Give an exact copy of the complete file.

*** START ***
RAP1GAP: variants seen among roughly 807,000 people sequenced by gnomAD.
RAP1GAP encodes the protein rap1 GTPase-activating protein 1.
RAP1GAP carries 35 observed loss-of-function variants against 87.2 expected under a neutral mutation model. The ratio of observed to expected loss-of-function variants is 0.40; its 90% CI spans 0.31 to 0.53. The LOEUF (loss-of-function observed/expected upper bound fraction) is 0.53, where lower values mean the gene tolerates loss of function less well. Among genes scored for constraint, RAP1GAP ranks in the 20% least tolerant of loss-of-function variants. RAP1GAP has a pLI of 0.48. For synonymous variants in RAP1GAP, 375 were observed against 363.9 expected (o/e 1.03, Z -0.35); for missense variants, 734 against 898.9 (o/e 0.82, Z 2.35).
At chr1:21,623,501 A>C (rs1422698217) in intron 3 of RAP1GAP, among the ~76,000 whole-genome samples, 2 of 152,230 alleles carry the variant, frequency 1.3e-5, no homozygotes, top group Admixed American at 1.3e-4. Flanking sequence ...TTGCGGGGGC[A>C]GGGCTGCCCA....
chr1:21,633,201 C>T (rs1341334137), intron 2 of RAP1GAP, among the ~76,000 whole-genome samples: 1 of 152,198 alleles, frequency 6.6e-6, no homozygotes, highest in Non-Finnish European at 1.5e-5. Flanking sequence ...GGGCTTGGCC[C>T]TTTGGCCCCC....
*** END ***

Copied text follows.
RAP1GAP: variants seen among roughly 807,000 people sequenced by gnomAD.
RAP1GAP encodes the protein rap1 GTPase-activating protein 1.
RAP1GAP carries 35 observed loss-of-function variants against 87.2 expected under a neutral mutation model. The ratio of observed to expected loss-of-function variants is 0.40; its 90% CI spans 0.31 to 0.53. The LOEUF (loss-of-function observed/expected upper bound fraction) is 0.53, where lower values mean the gene tolerates loss of function less well. Among genes scored for constraint, RAP1GAP ranks in the 20% least tolerant of loss-of-function variants. RAP1GAP has a pLI of 0.48. For synonymous variants in RAP1GAP, 375 were observed against 363.9 expected (o/e 1.03, Z -0.35); for missense variants, 734 against 898.9 (o/e 0.82, Z 2.35).
At chr1:21,623,501 A>C (rs1422698217) in intron 3 of RAP1GAP, among the ~76,000 whole-genome samples, 2 of 152,230 alleles carry the variant, frequency 1.3e-5, no homozygotes, top group Admixed American at 1.3e-4. Flanking sequence ...TTGCGGGGGC[A>C]GGGCTGCCCA....
chr1:21,633,201 C>T (rs1341334137), intron 2 of RAP1GAP, among the ~76,000 whole-genome samples: 1 of 152,198 alleles, frequency 6.6e-6, no homozygotes, highest in Non-Finnish European at 1.5e-5. Flanking sequence ...GGGCTTGGCC[C>T]TTTGGCCCCC....